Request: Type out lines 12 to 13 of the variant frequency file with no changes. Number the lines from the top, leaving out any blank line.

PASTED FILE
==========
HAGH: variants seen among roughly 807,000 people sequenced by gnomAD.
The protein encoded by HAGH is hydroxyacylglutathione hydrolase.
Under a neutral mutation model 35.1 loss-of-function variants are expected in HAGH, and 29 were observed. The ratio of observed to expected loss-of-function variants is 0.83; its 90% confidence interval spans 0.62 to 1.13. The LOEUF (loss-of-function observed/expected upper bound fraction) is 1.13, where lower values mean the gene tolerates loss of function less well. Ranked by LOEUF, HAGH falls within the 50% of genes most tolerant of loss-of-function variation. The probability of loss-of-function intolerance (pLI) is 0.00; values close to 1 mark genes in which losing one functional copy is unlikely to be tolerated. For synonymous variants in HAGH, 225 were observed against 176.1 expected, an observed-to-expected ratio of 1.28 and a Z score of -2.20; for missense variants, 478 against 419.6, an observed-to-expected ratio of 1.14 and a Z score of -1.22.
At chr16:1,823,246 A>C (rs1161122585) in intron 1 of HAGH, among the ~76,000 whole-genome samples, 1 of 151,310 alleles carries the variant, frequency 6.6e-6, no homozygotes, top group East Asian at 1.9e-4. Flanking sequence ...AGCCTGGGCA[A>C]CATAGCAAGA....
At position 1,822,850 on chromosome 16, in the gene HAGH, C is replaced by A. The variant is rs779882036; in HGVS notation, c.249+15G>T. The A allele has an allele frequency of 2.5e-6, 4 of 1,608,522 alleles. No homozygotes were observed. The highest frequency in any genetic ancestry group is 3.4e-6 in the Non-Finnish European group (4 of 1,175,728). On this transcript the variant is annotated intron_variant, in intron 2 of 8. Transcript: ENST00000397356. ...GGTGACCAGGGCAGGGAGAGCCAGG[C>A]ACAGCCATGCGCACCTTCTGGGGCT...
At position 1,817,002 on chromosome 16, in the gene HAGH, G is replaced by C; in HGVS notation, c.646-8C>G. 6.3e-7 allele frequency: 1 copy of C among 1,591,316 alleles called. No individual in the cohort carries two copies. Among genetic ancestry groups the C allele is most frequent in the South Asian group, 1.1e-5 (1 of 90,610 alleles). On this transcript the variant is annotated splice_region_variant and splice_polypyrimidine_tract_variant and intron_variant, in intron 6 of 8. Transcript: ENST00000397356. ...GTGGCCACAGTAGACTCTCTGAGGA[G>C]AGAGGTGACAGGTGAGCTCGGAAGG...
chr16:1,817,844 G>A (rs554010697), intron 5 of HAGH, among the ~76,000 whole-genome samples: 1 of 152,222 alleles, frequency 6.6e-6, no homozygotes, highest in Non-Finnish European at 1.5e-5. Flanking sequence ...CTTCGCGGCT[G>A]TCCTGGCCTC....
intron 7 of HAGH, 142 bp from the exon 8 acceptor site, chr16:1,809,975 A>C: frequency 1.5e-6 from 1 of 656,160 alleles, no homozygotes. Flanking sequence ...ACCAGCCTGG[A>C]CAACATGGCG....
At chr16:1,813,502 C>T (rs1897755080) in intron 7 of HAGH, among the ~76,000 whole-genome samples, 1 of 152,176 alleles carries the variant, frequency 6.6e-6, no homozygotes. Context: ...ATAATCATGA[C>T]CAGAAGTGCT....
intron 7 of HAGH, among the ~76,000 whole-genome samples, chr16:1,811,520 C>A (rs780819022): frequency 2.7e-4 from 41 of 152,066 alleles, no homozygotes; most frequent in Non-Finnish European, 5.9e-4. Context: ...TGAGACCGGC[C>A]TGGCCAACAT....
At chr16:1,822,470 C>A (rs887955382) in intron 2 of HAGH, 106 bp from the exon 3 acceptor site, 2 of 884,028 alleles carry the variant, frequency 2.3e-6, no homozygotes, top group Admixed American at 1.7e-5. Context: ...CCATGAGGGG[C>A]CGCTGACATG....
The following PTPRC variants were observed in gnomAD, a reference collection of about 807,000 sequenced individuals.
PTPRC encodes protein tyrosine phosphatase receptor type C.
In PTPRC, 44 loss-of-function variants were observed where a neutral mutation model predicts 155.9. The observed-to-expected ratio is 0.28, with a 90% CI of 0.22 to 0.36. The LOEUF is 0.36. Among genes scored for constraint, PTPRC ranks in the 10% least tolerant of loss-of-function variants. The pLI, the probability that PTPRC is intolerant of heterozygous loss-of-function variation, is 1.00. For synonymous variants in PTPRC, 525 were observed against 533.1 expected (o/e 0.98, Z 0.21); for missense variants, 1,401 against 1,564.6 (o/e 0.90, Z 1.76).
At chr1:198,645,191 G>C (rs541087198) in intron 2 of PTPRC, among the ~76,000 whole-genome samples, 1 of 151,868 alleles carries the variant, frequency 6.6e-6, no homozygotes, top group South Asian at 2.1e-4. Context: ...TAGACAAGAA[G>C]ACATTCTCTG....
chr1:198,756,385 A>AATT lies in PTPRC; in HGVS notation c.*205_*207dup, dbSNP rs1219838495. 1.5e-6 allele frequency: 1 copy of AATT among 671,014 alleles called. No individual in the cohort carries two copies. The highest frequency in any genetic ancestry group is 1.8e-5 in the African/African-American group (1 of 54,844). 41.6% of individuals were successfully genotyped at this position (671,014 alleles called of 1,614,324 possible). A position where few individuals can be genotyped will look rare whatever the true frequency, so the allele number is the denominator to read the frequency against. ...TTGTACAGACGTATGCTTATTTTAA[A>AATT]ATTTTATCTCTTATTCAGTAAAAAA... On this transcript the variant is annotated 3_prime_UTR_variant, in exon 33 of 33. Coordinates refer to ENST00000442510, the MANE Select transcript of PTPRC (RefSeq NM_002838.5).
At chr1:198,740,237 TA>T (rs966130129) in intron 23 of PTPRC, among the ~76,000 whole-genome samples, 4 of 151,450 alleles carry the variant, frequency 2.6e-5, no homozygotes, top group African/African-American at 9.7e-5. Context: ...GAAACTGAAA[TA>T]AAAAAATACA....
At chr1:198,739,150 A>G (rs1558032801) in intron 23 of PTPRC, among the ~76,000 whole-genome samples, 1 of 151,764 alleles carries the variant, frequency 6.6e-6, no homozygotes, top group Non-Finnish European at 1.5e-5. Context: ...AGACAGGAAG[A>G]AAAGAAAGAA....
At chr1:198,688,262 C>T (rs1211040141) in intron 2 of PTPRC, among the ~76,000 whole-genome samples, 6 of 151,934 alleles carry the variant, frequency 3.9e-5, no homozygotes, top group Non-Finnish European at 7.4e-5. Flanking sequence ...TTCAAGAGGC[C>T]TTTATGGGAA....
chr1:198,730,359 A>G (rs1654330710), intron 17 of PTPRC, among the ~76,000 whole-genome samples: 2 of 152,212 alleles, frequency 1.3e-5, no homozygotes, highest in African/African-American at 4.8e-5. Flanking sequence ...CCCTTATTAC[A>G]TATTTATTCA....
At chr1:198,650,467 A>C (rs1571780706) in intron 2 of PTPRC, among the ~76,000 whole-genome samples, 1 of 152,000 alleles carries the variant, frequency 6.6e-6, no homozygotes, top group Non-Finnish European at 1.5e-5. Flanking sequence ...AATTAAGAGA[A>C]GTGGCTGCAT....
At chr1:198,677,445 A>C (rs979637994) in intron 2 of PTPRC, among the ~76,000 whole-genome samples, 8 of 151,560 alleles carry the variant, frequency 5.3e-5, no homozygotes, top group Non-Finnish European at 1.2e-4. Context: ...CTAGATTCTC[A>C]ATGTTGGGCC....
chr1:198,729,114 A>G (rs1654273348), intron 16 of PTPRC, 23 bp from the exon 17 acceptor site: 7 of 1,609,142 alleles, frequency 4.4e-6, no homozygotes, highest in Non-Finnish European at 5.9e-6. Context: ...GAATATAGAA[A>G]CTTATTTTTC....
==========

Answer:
The following PTPRC variants were observed in gnomAD, a reference collection of about 807,000 sequenced individuals.
PTPRC encodes protein tyrosine phosphatase receptor type C.